|Introductions||Tyler Dukes||12/2/11 7:34 AM|
As this forum begins to grow, I thought it might be useful to start a thread that will allow everybody to introduce themselves as they join. Please tell us your name, affiliation, a little bit about yourself and why you joined the forum!
I'm Tyler Dukes, managing editor of the Reporters' Lab project at Duke University's DeWitt Wallace Center for Media and Democracy. My background is in reporting and editing in print and online, particularly in the areas of science and technology. I spent almost three years studying electrical and computer engineering before I found journalism, and I joined this forum because I like talking to people about how they develop and hack more than I like developing and hacking on my own.
|Re: [Reporters' Lab] Introductions||C. Duncan Pardo||12/6/11 8:41 AM|
Good idea, Tyler.
I'm Charles C. Duncan Pardo, founding editor of the Raleigh Public Record. We are a nonprofit, online-only newspaper with a mission to cover the stories that don't get covered in Raleigh. To fulfill our mission we cover a lot of city and county politics, sit through really exciting planning commission meetings and that sort of thing where we almost always have the only reporter in the room. We also work hard on enterprise stories and give our freelancers to room to pursue reporting on the issues that face Raleigh. We've been around for more than three years now and have grown from all-volunteer to having a budget this year of $40,000, most of which goes to paying freelance reporters.
Our goal is to figure out how to create a model for sustainable metro journalism. I joined this forum because we are always looking for new ways to help report stories. Along with being the editor at the Record, I'm also the chief Wordpress hacker, MySQL novice and student of data viz. I also do the dishes and take out the recycling. True to our name, we submit lots of public records requests. We're proud to report that over the summer we submitted the single largest records request in the City of Raleigh's history. Figuring out how to use that data in our reporting is core to our mission.
|Re: [Reporters' Lab] Introductions||Greg Linch||12/11/11 2:42 PM|
Hi, everyone. My name is Greg Linch and I'm the web producer for world and national security coverage at The Washington Post. I code a little on the side and am very interested in the Lab's work. I joined to hear about what's going on and participate in the discussion.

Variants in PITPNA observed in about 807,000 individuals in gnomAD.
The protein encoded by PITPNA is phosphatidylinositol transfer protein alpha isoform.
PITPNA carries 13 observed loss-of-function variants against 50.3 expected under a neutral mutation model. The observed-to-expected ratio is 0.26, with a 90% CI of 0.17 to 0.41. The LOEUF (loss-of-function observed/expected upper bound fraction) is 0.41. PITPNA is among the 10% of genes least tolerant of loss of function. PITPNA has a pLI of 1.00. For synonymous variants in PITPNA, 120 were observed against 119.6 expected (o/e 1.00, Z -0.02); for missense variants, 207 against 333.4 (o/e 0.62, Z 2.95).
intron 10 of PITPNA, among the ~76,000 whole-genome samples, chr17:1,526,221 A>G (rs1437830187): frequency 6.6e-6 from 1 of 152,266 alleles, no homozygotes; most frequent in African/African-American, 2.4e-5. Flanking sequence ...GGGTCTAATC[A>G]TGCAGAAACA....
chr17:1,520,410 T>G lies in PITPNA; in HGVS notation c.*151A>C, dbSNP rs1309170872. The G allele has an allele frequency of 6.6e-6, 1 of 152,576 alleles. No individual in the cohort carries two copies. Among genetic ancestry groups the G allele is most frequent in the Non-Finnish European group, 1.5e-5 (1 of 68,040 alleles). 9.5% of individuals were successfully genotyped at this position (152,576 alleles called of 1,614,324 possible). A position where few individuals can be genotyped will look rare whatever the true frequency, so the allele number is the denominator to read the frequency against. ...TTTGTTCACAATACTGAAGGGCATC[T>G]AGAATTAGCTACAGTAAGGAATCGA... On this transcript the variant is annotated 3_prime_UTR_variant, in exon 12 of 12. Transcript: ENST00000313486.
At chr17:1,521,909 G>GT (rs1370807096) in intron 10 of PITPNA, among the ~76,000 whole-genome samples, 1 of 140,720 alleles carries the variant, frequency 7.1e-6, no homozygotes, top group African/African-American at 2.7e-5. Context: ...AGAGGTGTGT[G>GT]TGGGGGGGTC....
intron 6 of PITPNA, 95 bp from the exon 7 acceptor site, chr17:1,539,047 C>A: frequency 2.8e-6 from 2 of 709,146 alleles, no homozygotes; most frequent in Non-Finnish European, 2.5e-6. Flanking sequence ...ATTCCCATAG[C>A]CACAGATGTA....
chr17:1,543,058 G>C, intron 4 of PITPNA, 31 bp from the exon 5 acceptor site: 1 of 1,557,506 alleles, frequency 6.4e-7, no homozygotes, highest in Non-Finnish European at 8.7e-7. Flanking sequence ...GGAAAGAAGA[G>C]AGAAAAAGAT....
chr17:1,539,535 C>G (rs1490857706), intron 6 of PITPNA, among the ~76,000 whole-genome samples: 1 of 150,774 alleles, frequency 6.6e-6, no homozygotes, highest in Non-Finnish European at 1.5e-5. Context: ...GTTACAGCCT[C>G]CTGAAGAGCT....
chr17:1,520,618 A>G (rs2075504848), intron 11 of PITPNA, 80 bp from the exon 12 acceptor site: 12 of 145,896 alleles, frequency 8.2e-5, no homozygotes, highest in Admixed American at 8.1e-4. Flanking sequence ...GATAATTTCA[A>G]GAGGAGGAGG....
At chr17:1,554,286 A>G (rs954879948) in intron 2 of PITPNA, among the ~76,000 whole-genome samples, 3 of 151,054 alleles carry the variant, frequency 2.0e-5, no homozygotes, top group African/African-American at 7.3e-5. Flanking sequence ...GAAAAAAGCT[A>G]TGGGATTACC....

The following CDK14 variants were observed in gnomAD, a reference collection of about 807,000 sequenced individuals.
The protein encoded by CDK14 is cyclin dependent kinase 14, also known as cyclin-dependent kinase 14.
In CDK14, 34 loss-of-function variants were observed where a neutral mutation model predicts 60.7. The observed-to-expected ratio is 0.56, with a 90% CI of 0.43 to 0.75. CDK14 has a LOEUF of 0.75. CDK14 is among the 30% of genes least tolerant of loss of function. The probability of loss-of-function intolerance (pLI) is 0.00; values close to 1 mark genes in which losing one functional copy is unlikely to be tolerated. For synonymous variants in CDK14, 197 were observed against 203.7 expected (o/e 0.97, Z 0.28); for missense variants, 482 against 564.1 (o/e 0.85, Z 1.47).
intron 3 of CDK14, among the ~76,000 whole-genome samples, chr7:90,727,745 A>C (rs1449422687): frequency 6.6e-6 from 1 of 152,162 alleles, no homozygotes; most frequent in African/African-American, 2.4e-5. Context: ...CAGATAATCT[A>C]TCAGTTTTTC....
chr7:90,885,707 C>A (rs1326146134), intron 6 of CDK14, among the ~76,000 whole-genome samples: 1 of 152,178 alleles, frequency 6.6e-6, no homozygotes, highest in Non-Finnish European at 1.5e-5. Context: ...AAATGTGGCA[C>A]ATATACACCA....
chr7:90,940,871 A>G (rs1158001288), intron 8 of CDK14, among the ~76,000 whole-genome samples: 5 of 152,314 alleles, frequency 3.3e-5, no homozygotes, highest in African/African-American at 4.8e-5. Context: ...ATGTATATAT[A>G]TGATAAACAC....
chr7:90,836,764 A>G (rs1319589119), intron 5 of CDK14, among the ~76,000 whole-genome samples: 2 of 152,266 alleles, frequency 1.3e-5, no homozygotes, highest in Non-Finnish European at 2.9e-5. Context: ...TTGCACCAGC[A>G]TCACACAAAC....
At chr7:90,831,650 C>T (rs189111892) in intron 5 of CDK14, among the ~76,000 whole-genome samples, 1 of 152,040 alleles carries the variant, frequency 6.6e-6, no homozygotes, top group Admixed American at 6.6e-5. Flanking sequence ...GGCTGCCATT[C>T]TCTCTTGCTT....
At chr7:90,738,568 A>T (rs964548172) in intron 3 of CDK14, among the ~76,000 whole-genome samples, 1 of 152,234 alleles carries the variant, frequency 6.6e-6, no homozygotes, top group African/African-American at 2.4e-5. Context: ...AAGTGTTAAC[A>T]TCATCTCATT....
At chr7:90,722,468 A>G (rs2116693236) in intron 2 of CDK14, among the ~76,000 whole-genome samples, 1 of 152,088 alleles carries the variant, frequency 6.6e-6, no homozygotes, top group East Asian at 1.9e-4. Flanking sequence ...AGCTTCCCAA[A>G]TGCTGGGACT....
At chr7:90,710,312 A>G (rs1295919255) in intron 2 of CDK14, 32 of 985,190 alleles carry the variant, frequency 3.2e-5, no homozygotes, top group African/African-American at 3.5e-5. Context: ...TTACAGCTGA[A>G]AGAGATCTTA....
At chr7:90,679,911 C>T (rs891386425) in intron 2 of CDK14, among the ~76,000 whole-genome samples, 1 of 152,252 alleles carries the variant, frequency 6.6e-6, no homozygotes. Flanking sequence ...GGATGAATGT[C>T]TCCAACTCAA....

|Re: Introductions||Sarah Cohen||12/12/11 7:53 AM|
I'm Sarah Cohen, the founder of Reporters' Lab and the Knight chair at Duke. I'm really looking forward to sharing ideas, projects and interesting work. My background is in investigative reporting, particularly computer-assisted reporting, mainly at the Washington Post.
|Re: Introductions||knowtheory||4/21/12 3:14 PM|
I'm Ted Han, lead developer for Investigative Reporters & Editors (IRE) on DocumentCloud.
I'm a linguist by degree, a software developer by trade and a scifi nerd (well, nerd in general really) by leisure. As someone who came to software development through the side door, I've got strong feelings about the manner in which computer science and software development interact with other trades and fields of study. Part of what grabbed my attention about the world of journalism are the efforts (Knight News Challenge, the Knight/Mozilla Partnership, the ProPublica Nerd Blog, IRE and Sarah Cohen's efforts with Reporters' Lab) that have been made to build tools appropriate to reporter's workflows, and to nudge those workflows towards more convenient/efficient practices.
In short, I'd like to see the best parts of software development – helping users automate boring/tedious tasks – melded further into fields such as journalism.
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|Re: Introductions||Neville Crabbe||4/24/13 6:54 PM|
Hi, my name is Neville Crabbe. I'm a journalist with the Canadian Broadcasting Corporation. I shoot, write and edit for radio and television and have a particular interest in doing stories that people remember, but admit, in daily news, that's not always possible. I spent the last five years reporting from Canada's Arctic territories and am now located in close to the U.S. border in New Brunswick. I want to learn ways to dig deeper.
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